A systematic review of the impact of brief interventions on substance use and comorbid physical and mental health conditions

  1. Lookup NU author(s)
  2. Professor Eileen Kaner
  3. Nicola Brown
  4. Katherine Jackson
Author(s)Kaner E, Brown N, Jackson K
Publication type Article
JournalMental Health and Substance Use
Year2011
Volume4
Issue1
Pages38-61
ISSN (print)1752-3281
ISSN (electronic)1752-3273
Full text for this publication is not currently held within this repository. Alternative links are provided below where available.
To summarise the relevant published evidence on the health and behavioural impact of brief interventions in individuals with recognised co-morbidity. A pre-specified search strategy was applied to Medline and Embase from 1999 to 2009 inclusive. We also scanned the reference lists of key reviews in the field and carried out text-word searches of Google and Google-Scholar. Two authors independently abstracted data, assessed trial quality and recorded study outcomes. Analysis took the form of a qualitative evidence synthesis due to the heterogeneity of studies in this field. We identified 14 trials meeting our inclusion criteria. The majority of this research focused on substance use and mental health problems (n = 8) whilst the remaining trials focused on substance use and physical health problems (n = 3) and dual substance use (n = 3). The evidence-base was very heterogeneous and it was not possible to quantitatively pool the trial outcome data. There were generally positive outcomes of brief intervention targeting substance use and co-morbid physical health conditions but the evidence in the other two areas was equivocal. In the area of substance use and mental health problems, there were often significant changes reported for both intervention and control groups over time. Brief intervention tended to produce positive effects in patients with substance use and co-morbid physical health problems. However, there was a limited amount of research work in this area. The evidence of positive brief intervention effects in patients with substance use and mental health problems or dual substance use was less convincing.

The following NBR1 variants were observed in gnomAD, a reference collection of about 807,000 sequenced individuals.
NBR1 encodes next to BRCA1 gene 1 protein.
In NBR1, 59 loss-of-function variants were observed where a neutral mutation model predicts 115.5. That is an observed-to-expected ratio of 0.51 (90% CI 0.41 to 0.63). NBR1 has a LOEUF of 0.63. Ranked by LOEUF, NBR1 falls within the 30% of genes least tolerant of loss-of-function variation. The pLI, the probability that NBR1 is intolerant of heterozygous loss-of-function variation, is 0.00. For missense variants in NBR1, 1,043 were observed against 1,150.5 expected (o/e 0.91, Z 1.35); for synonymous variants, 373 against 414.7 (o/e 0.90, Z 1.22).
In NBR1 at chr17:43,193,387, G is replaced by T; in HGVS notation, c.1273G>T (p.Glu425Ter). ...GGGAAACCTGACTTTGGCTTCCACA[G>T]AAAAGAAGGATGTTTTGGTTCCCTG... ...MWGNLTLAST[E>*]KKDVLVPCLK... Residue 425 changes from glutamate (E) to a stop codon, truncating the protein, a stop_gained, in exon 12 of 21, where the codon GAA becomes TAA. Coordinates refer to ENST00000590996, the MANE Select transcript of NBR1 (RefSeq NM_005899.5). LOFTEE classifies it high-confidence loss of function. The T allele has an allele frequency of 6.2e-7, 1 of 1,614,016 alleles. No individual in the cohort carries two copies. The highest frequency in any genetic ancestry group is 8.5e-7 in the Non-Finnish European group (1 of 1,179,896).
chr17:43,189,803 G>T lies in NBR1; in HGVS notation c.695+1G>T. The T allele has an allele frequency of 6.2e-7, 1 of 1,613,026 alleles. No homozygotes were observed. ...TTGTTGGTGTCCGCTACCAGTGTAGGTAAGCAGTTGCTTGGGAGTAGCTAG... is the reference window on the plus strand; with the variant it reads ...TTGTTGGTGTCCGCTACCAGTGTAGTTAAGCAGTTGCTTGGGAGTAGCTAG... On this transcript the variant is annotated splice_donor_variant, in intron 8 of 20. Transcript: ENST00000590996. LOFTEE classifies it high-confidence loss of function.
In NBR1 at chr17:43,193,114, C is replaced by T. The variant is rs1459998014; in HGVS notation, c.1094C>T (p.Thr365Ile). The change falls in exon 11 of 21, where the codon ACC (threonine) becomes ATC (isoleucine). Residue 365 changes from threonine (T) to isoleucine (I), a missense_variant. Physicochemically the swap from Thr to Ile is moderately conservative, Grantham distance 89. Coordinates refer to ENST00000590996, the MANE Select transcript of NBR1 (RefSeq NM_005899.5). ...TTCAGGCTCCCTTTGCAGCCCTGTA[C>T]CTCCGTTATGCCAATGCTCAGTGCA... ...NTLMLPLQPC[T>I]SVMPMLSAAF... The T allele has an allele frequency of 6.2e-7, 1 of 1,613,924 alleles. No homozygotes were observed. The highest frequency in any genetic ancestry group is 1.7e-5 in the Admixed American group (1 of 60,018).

PublisherRoutledge
URLhttp://dx.doi.org/10.1080/17523281.2011.533449
DOI10.1080/17523281.2011.533449
Actions    Link to this publication
Share